See also the article Search Costs, Demand-side Economies, and the Incentives to merge under Bertrand Competition in the 'Rand Journal of Economics'(2013). Volume 44, issue 3, pages 391-424.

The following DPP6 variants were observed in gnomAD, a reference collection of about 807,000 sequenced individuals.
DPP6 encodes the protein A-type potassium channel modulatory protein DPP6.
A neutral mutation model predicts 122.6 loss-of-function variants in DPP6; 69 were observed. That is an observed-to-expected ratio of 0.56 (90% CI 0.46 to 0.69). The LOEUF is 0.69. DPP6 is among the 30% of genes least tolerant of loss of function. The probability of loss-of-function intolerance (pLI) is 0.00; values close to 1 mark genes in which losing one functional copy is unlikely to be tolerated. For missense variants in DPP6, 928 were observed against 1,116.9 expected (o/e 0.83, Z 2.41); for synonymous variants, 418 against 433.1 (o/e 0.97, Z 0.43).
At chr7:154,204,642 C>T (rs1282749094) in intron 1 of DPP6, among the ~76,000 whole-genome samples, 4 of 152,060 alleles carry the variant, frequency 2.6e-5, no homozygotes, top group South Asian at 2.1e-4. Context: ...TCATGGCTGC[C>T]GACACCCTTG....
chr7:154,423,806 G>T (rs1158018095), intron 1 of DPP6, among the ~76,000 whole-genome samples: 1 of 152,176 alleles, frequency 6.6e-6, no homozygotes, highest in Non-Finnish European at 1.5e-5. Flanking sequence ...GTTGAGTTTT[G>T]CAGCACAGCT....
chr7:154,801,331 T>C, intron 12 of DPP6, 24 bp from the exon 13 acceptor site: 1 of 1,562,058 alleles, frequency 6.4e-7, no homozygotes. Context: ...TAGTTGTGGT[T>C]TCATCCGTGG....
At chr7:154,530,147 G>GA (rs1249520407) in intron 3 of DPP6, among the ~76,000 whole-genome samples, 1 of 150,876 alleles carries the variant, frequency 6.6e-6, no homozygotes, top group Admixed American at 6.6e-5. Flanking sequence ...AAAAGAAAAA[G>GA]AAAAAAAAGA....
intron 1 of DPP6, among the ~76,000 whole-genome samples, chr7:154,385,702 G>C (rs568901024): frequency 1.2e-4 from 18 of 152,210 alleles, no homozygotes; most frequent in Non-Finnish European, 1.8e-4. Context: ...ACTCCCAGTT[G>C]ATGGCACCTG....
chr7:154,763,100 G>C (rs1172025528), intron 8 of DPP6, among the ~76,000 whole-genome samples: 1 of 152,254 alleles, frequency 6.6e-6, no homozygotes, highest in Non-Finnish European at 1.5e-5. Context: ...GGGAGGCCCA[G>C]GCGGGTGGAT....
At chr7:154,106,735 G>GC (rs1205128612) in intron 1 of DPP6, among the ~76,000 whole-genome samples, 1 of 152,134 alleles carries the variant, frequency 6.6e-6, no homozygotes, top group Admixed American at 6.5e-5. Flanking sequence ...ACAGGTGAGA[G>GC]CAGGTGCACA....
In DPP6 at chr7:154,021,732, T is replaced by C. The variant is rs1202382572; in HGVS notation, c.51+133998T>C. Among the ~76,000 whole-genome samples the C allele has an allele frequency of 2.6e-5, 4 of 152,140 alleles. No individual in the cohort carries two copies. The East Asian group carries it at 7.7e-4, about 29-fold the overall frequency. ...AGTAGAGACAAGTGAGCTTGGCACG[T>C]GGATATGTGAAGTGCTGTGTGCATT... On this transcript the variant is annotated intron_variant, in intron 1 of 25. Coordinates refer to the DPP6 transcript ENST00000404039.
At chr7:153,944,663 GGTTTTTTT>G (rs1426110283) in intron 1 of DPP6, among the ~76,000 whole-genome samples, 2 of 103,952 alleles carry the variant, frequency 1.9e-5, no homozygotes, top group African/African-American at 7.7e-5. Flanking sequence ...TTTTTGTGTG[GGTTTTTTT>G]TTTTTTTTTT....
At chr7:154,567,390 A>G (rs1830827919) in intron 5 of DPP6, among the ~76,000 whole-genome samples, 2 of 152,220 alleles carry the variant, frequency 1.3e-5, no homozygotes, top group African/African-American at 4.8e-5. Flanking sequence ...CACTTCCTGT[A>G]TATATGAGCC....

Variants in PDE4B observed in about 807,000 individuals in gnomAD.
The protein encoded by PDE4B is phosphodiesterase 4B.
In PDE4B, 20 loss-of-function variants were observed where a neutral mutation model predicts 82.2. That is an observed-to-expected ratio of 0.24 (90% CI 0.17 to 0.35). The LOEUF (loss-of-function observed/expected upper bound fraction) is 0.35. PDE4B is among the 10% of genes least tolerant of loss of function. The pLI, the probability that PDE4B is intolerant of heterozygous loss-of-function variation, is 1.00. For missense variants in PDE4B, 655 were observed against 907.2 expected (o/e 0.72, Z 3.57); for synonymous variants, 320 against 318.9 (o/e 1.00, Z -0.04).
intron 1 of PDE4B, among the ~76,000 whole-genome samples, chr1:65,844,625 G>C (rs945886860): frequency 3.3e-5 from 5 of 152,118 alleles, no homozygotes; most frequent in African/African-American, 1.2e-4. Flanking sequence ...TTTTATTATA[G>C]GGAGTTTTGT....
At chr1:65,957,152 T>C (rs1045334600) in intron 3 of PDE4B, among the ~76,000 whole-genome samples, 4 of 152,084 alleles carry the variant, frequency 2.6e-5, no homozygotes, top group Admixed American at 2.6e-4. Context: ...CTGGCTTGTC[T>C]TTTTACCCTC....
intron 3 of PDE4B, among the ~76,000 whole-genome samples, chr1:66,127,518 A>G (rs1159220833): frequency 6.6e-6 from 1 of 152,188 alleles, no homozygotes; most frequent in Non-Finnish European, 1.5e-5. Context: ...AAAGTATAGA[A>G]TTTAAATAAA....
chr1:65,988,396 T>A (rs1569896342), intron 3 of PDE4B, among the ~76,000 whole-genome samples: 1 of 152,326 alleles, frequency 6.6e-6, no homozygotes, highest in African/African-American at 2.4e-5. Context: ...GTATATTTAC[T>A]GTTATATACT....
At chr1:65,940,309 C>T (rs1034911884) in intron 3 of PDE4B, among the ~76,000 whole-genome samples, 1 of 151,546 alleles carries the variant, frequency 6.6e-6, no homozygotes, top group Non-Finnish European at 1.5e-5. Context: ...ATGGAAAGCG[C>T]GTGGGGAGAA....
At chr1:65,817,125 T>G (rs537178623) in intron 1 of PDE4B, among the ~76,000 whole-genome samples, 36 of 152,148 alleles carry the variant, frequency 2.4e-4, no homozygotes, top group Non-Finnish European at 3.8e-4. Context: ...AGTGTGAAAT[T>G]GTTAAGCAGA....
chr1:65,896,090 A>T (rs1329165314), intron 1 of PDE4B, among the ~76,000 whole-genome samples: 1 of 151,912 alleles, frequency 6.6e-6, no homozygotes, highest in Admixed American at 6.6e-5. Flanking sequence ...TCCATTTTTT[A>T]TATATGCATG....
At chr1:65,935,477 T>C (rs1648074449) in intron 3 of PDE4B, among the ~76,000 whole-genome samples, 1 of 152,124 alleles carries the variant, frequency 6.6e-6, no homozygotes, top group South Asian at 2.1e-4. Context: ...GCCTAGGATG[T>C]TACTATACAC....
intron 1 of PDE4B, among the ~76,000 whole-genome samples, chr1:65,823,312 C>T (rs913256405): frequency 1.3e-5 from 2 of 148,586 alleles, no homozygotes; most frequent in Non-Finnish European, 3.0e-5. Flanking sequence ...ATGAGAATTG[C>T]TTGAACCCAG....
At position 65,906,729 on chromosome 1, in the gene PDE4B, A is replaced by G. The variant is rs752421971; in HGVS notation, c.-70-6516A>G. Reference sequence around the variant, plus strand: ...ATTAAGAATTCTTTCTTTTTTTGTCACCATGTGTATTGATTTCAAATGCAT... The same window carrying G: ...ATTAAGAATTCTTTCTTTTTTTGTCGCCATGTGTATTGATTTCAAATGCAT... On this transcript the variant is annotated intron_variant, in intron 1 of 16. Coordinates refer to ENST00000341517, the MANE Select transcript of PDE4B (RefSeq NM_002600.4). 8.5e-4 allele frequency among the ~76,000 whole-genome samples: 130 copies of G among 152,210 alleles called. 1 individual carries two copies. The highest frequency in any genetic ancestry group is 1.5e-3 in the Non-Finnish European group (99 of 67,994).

This paper studies the incentives to merge in a Bertrand competitionmodel where firms sell differentiated products and consumers search the marketfor satisfactory deals. In the pre-merger market equilibrium, all firms lookalike and so the probability a firm is next in the queue consumers follow whenvisiting firms is equal across non-visited firms. However, after a merger,insiders raise their prices more than the outsiders so consumers search forgood deals first at the non-merging stores and then, if they do not find anyproduct satisfactory enough, they continue searching at the merging stores.When search cost are negligible, the results of Deneckere and Davidson (1985)hold. However, as search costs increase, the merging firms receive fewercustomers so mergers become unprofitable for sufficiently large search costs.This new merger paradox is more likely the higher the number of non-mergingfirms.